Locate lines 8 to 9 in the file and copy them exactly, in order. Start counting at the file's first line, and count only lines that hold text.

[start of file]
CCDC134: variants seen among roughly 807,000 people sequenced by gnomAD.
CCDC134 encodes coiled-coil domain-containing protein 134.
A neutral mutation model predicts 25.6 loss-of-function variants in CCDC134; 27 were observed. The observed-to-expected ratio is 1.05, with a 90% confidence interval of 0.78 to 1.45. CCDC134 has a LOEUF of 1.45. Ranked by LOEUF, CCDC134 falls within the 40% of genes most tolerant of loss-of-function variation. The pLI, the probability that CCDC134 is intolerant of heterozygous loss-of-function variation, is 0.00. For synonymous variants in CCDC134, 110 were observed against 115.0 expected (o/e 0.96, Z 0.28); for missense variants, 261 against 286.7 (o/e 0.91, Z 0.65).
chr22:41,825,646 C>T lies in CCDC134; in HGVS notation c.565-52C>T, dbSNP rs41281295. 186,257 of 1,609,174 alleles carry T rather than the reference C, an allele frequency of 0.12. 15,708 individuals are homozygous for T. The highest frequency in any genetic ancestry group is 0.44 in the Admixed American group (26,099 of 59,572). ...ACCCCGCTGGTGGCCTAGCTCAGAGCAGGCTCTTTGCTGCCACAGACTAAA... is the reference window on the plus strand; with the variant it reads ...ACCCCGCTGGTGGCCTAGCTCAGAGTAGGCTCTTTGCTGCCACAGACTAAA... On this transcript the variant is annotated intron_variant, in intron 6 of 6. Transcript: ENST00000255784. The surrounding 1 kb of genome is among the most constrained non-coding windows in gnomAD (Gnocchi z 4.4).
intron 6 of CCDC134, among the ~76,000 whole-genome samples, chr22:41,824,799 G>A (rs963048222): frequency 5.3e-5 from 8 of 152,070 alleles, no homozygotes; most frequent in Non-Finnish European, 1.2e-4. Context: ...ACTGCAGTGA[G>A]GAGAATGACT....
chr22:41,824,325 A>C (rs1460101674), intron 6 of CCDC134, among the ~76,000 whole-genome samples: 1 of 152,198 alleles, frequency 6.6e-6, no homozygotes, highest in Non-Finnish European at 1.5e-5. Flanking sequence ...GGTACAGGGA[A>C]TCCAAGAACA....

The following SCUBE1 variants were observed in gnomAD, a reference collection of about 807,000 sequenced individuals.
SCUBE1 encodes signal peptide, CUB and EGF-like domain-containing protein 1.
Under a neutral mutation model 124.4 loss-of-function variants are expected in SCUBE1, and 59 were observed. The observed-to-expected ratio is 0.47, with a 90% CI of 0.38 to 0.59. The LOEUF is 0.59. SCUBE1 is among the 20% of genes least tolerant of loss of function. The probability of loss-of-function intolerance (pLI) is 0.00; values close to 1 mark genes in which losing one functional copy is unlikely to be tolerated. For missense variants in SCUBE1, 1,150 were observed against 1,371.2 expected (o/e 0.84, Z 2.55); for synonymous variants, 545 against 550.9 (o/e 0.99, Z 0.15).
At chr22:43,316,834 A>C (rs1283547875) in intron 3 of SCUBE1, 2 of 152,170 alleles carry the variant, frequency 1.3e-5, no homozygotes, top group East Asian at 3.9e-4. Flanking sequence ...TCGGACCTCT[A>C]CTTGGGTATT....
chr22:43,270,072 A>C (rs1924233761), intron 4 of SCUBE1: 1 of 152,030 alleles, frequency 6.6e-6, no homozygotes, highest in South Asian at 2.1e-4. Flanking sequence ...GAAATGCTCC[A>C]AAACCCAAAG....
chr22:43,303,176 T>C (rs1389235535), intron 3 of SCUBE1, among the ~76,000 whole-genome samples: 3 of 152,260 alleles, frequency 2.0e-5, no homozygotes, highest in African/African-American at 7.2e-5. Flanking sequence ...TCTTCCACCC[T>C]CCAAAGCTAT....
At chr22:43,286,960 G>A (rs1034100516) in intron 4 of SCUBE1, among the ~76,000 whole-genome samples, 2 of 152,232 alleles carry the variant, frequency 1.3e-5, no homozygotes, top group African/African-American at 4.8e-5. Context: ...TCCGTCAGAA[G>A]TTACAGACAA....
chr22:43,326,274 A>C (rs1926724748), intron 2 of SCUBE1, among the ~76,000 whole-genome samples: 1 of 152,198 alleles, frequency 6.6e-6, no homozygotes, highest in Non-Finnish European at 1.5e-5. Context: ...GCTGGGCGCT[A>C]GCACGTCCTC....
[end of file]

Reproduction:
SCUBE1 encodes signal peptide, CUB and EGF-like domain-containing protein 1.
Under a neutral mutation model 124.4 loss-of-function variants are expected in SCUBE1, and 59 were observed. The observed-to-expected ratio is 0.47, with a 90% CI of 0.38 to 0.59. The LOEUF is 0.59. SCUBE1 is among the 20% of genes least tolerant of loss of function. The probability of loss-of-function intolerance (pLI) is 0.00; values close to 1 mark genes in which losing one functional copy is unlikely to be tolerated. For missense variants in SCUBE1, 1,150 were observed against 1,371.2 expected (o/e 0.84, Z 2.55); for synonymous variants, 545 against 550.9 (o/e 0.99, Z 0.15).